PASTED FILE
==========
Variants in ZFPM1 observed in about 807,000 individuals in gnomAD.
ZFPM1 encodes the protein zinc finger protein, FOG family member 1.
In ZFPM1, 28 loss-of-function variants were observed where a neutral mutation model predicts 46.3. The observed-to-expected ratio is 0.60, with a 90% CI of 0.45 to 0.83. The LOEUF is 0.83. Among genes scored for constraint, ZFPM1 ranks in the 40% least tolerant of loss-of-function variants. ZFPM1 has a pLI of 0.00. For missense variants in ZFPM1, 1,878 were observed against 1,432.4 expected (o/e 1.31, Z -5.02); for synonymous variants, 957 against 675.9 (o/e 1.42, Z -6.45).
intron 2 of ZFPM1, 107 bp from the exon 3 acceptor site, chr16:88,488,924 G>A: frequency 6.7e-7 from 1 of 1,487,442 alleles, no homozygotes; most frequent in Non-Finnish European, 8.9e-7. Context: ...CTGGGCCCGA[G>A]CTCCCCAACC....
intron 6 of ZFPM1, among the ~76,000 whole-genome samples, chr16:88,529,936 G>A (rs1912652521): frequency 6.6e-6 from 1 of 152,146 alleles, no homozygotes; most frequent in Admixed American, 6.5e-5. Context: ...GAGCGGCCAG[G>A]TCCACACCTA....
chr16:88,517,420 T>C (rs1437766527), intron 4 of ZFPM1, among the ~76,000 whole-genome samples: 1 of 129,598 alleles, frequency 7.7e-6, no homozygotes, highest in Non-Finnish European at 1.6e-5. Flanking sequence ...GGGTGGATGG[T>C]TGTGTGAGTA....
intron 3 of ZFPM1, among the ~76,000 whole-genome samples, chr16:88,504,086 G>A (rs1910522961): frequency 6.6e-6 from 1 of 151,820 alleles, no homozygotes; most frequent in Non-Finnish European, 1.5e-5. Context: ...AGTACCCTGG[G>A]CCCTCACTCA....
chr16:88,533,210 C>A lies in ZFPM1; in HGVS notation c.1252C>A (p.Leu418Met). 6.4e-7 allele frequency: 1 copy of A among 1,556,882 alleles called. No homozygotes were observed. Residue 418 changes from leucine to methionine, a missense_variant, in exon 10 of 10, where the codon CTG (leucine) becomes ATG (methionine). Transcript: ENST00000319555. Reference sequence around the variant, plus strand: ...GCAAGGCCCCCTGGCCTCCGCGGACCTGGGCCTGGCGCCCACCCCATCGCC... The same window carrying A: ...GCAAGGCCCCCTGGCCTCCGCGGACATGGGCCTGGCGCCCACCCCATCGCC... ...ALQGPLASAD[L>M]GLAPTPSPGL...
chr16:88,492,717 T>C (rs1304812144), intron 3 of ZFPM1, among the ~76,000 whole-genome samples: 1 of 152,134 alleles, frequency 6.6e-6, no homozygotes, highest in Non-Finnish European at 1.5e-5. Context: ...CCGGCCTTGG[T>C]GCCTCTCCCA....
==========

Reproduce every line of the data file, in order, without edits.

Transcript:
Variants in ZFPM1 observed in about 807,000 individuals in gnomAD.
ZFPM1 encodes the protein zinc finger protein, FOG family member 1.
In ZFPM1, 28 loss-of-function variants were observed where a neutral mutation model predicts 46.3. The observed-to-expected ratio is 0.60, with a 90% CI of 0.45 to 0.83. The LOEUF is 0.83. Among genes scored for constraint, ZFPM1 ranks in the 40% least tolerant of loss-of-function variants. ZFPM1 has a pLI of 0.00. For missense variants in ZFPM1, 1,878 were observed against 1,432.4 expected (o/e 1.31, Z -5.02); for synonymous variants, 957 against 675.9 (o/e 1.42, Z -6.45).
intron 2 of ZFPM1, 107 bp from the exon 3 acceptor site, chr16:88,488,924 G>A: frequency 6.7e-7 from 1 of 1,487,442 alleles, no homozygotes; most frequent in Non-Finnish European, 8.9e-7. Context: ...CTGGGCCCGA[G>A]CTCCCCAACC....
intron 6 of ZFPM1, among the ~76,000 whole-genome samples, chr16:88,529,936 G>A (rs1912652521): frequency 6.6e-6 from 1 of 152,146 alleles, no homozygotes; most frequent in Admixed American, 6.5e-5. Context: ...GAGCGGCCAG[G>A]TCCACACCTA....
chr16:88,517,420 T>C (rs1437766527), intron 4 of ZFPM1, among the ~76,000 whole-genome samples: 1 of 129,598 alleles, frequency 7.7e-6, no homozygotes, highest in Non-Finnish European at 1.6e-5. Flanking sequence ...GGGTGGATGG[T>C]TGTGTGAGTA....
intron 3 of ZFPM1, among the ~76,000 whole-genome samples, chr16:88,504,086 G>A (rs1910522961): frequency 6.6e-6 from 1 of 151,820 alleles, no homozygotes; most frequent in Non-Finnish European, 1.5e-5. Context: ...AGTACCCTGG[G>A]CCCTCACTCA....
chr16:88,533,210 C>A lies in ZFPM1; in HGVS notation c.1252C>A (p.Leu418Met). 6.4e-7 allele frequency: 1 copy of A among 1,556,882 alleles called. No homozygotes were observed. Residue 418 changes from leucine to methionine, a missense_variant, in exon 10 of 10, where the codon CTG (leucine) becomes ATG (methionine). Transcript: ENST00000319555. Reference sequence around the variant, plus strand: ...GCAAGGCCCCCTGGCCTCCGCGGACCTGGGCCTGGCGCCCACCCCATCGCC... The same window carrying A: ...GCAAGGCCCCCTGGCCTCCGCGGACATGGGCCTGGCGCCCACCCCATCGCC... ...ALQGPLASAD[L>M]GLAPTPSPGL...
chr16:88,492,717 T>C (rs1304812144), intron 3 of ZFPM1, among the ~76,000 whole-genome samples: 1 of 152,134 alleles, frequency 6.6e-6, no homozygotes, highest in Non-Finnish European at 1.5e-5. Context: ...CCGGCCTTGG[T>C]GCCTCTCCCA....